1. Compilation errors. The VBA code would not compile as supplied (see below, under “VBA code”). Some of the compilation errors looked as though they were occurring because what was provided was a work in progress (e.g., possible modifications in progress).

  2. Cross-referencing errors in the spreadsheet. See the sections on the “BreedingHerds” and “Feedlots” sheets under “Herd prevalence”: studies used do not match those documented. These cross-referencing errors could have been introduced during an update that was adding/modifying studies.



In what follows, an unqualified page number refers to the E. coli risk assessment, PDF version. I occasionally refer to a page number in Appendix C, but I am then explicit (and the page number might be slightly different from other copies, because Appendix C is in Word, so page numbers depend slightly on printer type).

References within spreadsheets are generally given in A1 notation. The sheet name is also given (e.g., SlaughterData!F39) if the sheet reference is not the sheet that is currently under discussion (i.e., is not the current section heading).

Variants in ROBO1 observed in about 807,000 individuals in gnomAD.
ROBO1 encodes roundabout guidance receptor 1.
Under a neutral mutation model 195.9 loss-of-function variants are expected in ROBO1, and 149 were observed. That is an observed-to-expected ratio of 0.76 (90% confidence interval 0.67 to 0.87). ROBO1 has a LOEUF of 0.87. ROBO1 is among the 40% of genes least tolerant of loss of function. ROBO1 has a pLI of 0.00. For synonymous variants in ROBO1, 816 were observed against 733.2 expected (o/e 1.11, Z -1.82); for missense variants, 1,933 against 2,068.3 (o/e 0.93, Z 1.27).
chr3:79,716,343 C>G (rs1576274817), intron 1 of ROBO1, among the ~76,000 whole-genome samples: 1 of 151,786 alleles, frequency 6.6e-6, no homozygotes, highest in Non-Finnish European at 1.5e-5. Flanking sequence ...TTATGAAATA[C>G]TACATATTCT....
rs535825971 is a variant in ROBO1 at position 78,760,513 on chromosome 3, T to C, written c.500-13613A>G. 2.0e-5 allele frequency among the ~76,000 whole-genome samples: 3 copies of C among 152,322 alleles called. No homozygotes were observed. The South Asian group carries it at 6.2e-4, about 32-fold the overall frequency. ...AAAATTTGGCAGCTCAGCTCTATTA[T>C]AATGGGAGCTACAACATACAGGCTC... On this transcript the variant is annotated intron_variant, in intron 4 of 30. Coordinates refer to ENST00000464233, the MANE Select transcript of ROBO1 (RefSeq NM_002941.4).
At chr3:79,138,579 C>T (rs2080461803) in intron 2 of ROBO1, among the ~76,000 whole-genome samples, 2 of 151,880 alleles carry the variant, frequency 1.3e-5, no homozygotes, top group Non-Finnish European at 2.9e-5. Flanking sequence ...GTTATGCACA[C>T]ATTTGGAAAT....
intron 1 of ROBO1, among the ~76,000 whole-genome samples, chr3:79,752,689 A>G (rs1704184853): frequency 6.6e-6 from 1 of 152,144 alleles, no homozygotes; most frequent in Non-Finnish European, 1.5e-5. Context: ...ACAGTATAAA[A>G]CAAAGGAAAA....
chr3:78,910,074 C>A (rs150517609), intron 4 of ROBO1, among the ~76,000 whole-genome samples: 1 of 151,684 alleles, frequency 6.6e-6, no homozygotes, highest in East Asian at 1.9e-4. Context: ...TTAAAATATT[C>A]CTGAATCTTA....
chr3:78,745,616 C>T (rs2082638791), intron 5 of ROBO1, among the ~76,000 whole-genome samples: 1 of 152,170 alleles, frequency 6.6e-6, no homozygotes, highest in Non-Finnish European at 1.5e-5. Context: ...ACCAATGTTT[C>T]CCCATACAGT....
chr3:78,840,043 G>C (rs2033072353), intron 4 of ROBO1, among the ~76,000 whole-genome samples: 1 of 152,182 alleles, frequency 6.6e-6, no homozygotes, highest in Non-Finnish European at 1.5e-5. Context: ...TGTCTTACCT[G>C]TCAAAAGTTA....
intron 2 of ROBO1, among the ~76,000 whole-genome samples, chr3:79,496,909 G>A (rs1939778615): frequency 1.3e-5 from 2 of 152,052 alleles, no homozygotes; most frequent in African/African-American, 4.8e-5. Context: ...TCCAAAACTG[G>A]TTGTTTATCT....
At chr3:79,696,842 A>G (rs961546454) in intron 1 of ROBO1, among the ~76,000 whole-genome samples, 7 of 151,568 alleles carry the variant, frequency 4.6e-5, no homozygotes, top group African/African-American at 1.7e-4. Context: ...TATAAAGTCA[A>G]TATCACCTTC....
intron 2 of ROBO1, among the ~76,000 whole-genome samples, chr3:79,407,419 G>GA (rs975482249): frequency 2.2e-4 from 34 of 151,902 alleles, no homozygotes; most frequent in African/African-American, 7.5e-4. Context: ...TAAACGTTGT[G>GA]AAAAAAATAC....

Documentation in Appendix C

“It was decided to use specific cell references rather than named ranges throughout the workbook. Although this makes changes to the model more difficult to accomplish, it should make it easier to follow and audit the flow in the procedures.”

This is contrary to my experience, in particular with this program, but also in general, and contrary to discussions of programming methods of which I am aware. This implementation is poorly documented and difficult to follow. The statement quoted is especially unusual since the default method of cell labeling (A1 style, letter column followed by numbered row) that is used in the documentation does not correspond to the method used within Visual Basic for Applications (VBA). In VBA, the preferred method of cell reference (and that used in much of, perhaps all, the programming here) is an entry like “cell(14,3)”, which means the cell at row 14 and column 3. This corresponds to the alternative labeling method in Excel, called R1C1 style, where a cell is referenced by row number and column number (i.e., the reverse order to the default, and using numbers for both row and column). Thus one has to get used to and translate be

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